Jerry Jones Could Be Dooming the Dallas Cowboys to Mediocrity by Repeating the Mistakes of His Past
When you’re the one writing the checks, you have a great deal of latitude to do whatever you want. If you need proof of that, look no further than Jerry Jones. In addition to simply owning the Dallas Cowboys, Jones also serves as the club’s general manager; those titles give him virtual autonomy over all football decisions.
While being able to call all the shots for an NFL team might seem like a pretty sweet gig, it hasn’t always worked out for Jerry Jones. In fact, he may be dooming his beloved Cowboys to more mediocrity by repeating one of his recent mistakes.
The Dallas Cowboys have been hamstrung by an awful defense
There’s an old sports cliche that says “defense wins championships.” While that’s not always 100% true, the Dallas Cowboys are currently proving that it’s pretty tough to win every game on the back of your offense.
Through the first four games of the 2020 campaign, Dak Prescott has been dealing. He might not have a long-term contract, but the quarterback’s production hasn’t slowed down; he’s thrown for 1,690 passing yards and nine touchdowns while rushing for three additional scores. On the whole, the Cowboys offense also leads the league in both passing yards and total offensive yardage per game.
Despite averaging 31.5 points per contest, though, Dallas is only 1-3. That’s largely due to an awful defense. Heading into Week 5, the Cowboys are surrendering an average of 430.5 yards and 36.5 points per outing. Even if you have an elite offense, digging out of that large of a hole week after week is almost impossible.
Jerry Jones isn’t ready to change defensive coordinator just yet
For better or worse, Jerry Jones has never been shy about given an interview and saying exactly what’s on his mind. Given the Dallas Cowboys’ struggles, he’s presumably been thinking about defensive coordinator Mike Nolan.
Despite the unit’s putrid start to the season, Jones isn’t ready to make a change just yet. When asked about Nolan’s job status, the Cowboys owner explained that he had not considered a change and gave the coordinator his seal of approval.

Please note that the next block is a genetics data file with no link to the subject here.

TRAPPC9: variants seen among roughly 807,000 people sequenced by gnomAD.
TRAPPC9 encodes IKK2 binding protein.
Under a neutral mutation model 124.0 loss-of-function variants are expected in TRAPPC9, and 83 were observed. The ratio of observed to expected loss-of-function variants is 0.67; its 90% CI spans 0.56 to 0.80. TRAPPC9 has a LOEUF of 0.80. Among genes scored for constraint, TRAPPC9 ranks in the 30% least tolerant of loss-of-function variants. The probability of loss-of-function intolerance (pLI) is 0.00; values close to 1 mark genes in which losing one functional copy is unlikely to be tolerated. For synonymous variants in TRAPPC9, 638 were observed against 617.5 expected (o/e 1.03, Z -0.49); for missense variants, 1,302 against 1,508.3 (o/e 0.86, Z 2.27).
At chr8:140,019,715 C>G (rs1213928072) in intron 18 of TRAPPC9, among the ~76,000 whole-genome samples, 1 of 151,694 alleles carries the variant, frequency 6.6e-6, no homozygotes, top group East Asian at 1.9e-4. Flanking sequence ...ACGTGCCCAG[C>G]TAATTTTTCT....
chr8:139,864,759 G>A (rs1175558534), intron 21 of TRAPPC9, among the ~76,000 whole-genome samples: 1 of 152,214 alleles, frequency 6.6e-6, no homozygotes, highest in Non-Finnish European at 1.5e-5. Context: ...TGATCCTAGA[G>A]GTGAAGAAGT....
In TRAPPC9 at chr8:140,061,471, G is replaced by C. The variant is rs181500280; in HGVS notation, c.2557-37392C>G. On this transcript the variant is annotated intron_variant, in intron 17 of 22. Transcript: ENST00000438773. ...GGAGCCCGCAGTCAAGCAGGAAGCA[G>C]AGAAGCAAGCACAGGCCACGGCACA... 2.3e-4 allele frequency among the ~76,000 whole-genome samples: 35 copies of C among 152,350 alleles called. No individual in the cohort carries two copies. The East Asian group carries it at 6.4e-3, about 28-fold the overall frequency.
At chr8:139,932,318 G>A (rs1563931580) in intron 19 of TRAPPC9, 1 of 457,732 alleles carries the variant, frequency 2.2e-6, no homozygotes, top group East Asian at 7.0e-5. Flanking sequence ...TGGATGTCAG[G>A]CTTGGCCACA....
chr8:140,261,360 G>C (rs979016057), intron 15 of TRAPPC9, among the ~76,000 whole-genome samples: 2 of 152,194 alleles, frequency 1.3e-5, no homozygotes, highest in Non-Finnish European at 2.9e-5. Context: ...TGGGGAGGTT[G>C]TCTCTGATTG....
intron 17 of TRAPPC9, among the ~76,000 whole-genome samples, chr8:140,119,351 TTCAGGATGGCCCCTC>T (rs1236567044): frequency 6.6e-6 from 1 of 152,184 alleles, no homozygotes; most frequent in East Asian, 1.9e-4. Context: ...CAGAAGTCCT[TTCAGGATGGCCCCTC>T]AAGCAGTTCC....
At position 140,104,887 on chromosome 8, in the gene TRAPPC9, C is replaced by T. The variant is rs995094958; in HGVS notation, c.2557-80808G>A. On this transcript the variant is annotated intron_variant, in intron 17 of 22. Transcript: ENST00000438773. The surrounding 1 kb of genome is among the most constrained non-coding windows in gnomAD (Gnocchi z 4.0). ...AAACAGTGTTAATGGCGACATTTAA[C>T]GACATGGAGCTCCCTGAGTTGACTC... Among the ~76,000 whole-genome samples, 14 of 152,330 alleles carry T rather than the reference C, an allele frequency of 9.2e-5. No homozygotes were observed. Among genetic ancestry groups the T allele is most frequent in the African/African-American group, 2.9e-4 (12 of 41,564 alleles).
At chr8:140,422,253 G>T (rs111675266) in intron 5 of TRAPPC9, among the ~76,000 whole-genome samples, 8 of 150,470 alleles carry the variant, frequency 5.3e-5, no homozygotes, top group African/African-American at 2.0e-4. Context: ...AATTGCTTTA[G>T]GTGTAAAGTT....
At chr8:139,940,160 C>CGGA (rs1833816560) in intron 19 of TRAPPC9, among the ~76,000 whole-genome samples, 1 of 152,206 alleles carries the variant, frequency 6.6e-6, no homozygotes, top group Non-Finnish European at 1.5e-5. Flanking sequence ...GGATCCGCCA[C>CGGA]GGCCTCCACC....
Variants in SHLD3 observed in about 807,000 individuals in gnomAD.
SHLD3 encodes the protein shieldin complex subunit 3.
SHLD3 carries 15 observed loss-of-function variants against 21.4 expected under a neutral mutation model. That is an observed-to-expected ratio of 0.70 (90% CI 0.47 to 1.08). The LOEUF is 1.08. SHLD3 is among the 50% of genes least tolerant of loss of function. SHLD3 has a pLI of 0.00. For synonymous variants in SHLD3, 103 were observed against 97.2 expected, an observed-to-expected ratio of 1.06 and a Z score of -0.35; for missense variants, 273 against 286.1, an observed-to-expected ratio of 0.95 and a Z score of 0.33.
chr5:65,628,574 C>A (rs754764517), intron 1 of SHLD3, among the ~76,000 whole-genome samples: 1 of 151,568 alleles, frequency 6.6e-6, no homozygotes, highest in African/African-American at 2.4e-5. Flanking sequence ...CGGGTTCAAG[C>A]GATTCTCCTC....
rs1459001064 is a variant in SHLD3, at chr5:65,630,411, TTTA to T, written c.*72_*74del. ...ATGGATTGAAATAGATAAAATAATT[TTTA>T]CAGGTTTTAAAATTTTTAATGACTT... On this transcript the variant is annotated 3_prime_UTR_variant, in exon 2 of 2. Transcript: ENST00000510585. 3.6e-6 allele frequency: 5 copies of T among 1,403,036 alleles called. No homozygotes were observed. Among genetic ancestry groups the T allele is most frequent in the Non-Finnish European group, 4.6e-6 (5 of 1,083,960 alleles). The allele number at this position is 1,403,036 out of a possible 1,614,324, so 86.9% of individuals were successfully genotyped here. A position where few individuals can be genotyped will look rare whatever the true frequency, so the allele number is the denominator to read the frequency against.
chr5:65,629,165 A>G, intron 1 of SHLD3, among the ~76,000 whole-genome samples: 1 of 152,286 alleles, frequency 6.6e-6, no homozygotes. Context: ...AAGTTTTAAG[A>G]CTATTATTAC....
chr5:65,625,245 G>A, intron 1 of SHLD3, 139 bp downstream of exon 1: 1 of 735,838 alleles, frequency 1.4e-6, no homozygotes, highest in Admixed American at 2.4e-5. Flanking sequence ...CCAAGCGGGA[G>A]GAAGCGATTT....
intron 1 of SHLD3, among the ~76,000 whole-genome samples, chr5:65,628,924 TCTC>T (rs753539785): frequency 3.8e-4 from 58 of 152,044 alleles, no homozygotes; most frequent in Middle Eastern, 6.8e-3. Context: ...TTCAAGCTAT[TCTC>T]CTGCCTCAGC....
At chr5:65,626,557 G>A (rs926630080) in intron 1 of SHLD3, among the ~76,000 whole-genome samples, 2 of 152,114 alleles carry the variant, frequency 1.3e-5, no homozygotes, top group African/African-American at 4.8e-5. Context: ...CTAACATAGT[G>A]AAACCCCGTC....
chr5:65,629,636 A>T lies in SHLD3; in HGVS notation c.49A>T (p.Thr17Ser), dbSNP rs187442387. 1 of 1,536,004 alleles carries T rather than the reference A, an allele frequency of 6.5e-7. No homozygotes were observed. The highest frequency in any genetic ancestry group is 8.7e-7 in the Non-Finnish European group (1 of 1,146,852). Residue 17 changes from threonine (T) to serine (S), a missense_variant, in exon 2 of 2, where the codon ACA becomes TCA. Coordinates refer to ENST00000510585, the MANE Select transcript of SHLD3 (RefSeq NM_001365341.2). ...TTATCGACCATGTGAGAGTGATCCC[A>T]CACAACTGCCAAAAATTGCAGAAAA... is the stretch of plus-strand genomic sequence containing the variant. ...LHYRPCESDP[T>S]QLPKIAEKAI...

“No,” Jones explained on 105.3 The Fan, according to RJ Ocho of Blogging the Boys. “If you think about it at this juncture that’s not something that you would go to. Don’t need to. We’re getting the benefit of a coach that has a lot of experience.”
“We got somebody here that can tell you where we’re ept and where we’re inept,” Jones continued, according to Troy Hughes, “[and] where we need changes as well as anybody else on this planet.”
Jerry Jones could be dooming the Dallas Cowboys by repeating the mistakes of his past
In a vacuum, there’s nothing wrong with Jerry Jones supporting Mike Nolan. 2020 has been an unconventional season and the Cowboys didn’t have the benefit of preseason games and a traditional training camp to adjust to their new system; last year, for example, the Kansas City Chiefs defense struggled until they came to grips with Steve Spagnuolo’s game plan. Given Jerry Jones’ track record, though, a problem could be brewing.
Obviously, there’s something to be said for patience and trusting the process; if you fire a coach or coordinator every time the team struggles, you aren’t going to get anywhere. At the same time, though, every organization will eventually need to admit they made a mistake, bite the bullet, and remedy it.
In the past, Jones has tried to be the big man on campus but refused to shoulder the same burden when things go south. When it came to firing Tom Landry or replacing Jimmy Johnson, the owner had no problem stepping up and trying to prove that he was the smartest guy in the room.
Last season, however, Jones seemed unwilling to fire Jason Garrett; he waited until the season was over and took the easy way out by declining to renew his contract. Whether he was blinded by his personal relationship with the coach, unsure of a potential replacement, or hoping that the Cowboys could back into the playoffs, that inaction torpedoed the 2019 campaign.
Again, firing a coordinator after four weeks on the job would be a drastic move. At the rate that the Dallas Cowboys season is going, however, Jerry Jones might have to make a tough decision sooner rather than later. Based on his recent track record, though, it’s not clear if he’ll step up or repeat his past mistakes and let a bad situation continue to fester.
Team stats courtesy of ESPN